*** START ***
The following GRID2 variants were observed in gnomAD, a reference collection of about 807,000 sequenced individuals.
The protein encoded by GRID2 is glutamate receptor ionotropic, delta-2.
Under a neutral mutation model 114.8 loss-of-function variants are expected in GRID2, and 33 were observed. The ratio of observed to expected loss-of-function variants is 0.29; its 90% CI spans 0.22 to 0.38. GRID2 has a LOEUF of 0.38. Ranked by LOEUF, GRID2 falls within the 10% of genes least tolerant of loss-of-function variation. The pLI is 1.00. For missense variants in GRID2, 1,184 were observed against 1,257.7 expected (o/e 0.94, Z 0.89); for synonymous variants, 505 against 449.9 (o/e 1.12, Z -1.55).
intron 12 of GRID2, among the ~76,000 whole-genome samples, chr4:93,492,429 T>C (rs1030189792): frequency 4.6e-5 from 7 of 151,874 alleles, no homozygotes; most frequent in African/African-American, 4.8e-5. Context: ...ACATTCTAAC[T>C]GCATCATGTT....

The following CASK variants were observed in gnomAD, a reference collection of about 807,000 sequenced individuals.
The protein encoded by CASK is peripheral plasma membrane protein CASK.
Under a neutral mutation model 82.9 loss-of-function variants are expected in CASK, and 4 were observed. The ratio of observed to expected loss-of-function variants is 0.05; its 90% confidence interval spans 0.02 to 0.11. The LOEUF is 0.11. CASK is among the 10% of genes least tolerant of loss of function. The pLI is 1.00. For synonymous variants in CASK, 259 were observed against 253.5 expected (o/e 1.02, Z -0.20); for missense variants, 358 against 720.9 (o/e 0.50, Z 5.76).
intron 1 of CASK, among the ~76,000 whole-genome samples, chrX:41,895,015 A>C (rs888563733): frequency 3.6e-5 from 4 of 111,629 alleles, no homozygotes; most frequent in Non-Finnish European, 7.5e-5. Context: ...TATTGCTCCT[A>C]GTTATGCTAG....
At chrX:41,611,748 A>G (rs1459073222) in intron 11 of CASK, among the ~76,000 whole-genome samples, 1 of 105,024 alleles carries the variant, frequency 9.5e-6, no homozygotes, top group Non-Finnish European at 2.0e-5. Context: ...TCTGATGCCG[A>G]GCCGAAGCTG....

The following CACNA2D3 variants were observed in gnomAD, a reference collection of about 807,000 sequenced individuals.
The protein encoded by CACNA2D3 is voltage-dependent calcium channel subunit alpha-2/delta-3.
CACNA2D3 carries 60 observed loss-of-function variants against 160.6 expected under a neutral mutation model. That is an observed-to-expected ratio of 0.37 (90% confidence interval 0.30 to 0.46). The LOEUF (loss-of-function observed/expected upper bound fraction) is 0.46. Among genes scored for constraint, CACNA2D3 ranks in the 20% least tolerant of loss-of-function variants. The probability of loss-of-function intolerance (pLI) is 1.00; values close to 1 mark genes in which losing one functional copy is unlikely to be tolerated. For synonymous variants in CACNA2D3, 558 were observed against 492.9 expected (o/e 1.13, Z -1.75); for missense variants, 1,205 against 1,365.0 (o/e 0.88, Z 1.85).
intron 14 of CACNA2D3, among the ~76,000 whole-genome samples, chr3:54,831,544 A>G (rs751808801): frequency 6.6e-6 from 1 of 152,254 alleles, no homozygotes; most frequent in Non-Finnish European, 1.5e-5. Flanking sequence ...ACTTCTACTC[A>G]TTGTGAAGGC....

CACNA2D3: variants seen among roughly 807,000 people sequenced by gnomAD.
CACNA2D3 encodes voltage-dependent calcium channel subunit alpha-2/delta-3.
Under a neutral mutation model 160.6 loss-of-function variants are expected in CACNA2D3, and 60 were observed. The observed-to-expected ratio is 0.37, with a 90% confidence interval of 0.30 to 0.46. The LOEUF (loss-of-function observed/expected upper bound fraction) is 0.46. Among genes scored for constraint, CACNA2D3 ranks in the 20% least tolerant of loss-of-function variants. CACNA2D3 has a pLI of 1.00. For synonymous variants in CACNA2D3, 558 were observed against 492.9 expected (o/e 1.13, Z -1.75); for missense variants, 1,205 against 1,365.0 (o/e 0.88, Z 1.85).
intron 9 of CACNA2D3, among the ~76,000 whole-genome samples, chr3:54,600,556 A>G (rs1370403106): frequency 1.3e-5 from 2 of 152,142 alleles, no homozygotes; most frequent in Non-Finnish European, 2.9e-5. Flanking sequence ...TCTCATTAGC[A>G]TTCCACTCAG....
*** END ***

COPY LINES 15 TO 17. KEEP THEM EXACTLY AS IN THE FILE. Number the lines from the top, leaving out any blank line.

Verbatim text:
CACNA2D3 encodes voltage-dependent calcium channel subunit alpha-2/delta-3.
Under a neutral mutation model 160.6 loss-of-function variants are expected in CACNA2D3, and 60 were observed. The observed-to-expected ratio is 0.37, with a 90% confidence interval of 0.30 to 0.46. The LOEUF (loss-of-function observed/expected upper bound fraction) is 0.46. Among genes scored for constraint, CACNA2D3 ranks in the 20% least tolerant of loss-of-function variants. CACNA2D3 has a pLI of 1.00. For synonymous variants in CACNA2D3, 558 were observed against 492.9 expected (o/e 1.13, Z -1.75); for missense variants, 1,205 against 1,365.0 (o/e 0.88, Z 1.85).
intron 9 of CACNA2D3, among the ~76,000 whole-genome samples, chr3:54,600,556 A>G (rs1370403106): frequency 1.3e-5 from 2 of 152,142 alleles, no homozygotes; most frequent in Non-Finnish European, 2.9e-5. Flanking sequence ...TCTCATTAGC[A>G]TTCCACTCAG....